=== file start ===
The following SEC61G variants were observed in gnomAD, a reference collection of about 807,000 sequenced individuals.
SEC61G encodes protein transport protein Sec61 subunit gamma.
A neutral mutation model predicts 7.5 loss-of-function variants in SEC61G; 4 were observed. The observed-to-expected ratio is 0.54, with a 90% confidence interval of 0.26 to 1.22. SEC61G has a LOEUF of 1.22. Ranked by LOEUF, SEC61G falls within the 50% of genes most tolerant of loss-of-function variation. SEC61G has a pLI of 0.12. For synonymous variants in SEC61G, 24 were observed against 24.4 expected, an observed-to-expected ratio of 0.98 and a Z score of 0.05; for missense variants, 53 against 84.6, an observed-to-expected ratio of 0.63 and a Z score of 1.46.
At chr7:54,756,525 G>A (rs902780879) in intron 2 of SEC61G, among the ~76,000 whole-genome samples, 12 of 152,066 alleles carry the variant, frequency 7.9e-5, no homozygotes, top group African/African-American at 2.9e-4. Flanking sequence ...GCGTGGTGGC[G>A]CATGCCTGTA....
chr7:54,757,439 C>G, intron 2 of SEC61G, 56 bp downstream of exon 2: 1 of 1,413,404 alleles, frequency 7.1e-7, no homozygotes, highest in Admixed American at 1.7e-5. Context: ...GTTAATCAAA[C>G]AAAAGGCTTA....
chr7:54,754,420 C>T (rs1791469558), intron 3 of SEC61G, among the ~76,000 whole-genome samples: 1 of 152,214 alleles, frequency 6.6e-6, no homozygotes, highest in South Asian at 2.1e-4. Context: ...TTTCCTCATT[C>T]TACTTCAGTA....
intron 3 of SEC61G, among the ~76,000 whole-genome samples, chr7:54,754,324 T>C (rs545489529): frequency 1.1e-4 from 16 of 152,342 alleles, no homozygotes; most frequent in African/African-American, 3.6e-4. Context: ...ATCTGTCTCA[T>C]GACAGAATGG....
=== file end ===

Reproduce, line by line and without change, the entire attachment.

The following SEC61G variants were observed in gnomAD, a reference collection of about 807,000 sequenced individuals.
SEC61G encodes protein transport protein Sec61 subunit gamma.
A neutral mutation model predicts 7.5 loss-of-function variants in SEC61G; 4 were observed. The observed-to-expected ratio is 0.54, with a 90% confidence interval of 0.26 to 1.22. SEC61G has a LOEUF of 1.22. Ranked by LOEUF, SEC61G falls within the 50% of genes most tolerant of loss-of-function variation. SEC61G has a pLI of 0.12. For synonymous variants in SEC61G, 24 were observed against 24.4 expected, an observed-to-expected ratio of 0.98 and a Z score of 0.05; for missense variants, 53 against 84.6, an observed-to-expected ratio of 0.63 and a Z score of 1.46.
At chr7:54,756,525 G>A (rs902780879) in intron 2 of SEC61G, among the ~76,000 whole-genome samples, 12 of 152,066 alleles carry the variant, frequency 7.9e-5, no homozygotes, top group African/African-American at 2.9e-4. Flanking sequence ...GCGTGGTGGC[G>A]CATGCCTGTA....
chr7:54,757,439 C>G, intron 2 of SEC61G, 56 bp downstream of exon 2: 1 of 1,413,404 alleles, frequency 7.1e-7, no homozygotes, highest in Admixed American at 1.7e-5. Context: ...GTTAATCAAA[C>G]AAAAGGCTTA....
chr7:54,754,420 C>T (rs1791469558), intron 3 of SEC61G, among the ~76,000 whole-genome samples: 1 of 152,214 alleles, frequency 6.6e-6, no homozygotes, highest in South Asian at 2.1e-4. Context: ...TTTCCTCATT[C>T]TACTTCAGTA....
intron 3 of SEC61G, among the ~76,000 whole-genome samples, chr7:54,754,324 T>C (rs545489529): frequency 1.1e-4 from 16 of 152,342 alleles, no homozygotes; most frequent in African/African-American, 3.6e-4. Context: ...ATCTGTCTCA[T>C]GACAGAATGG....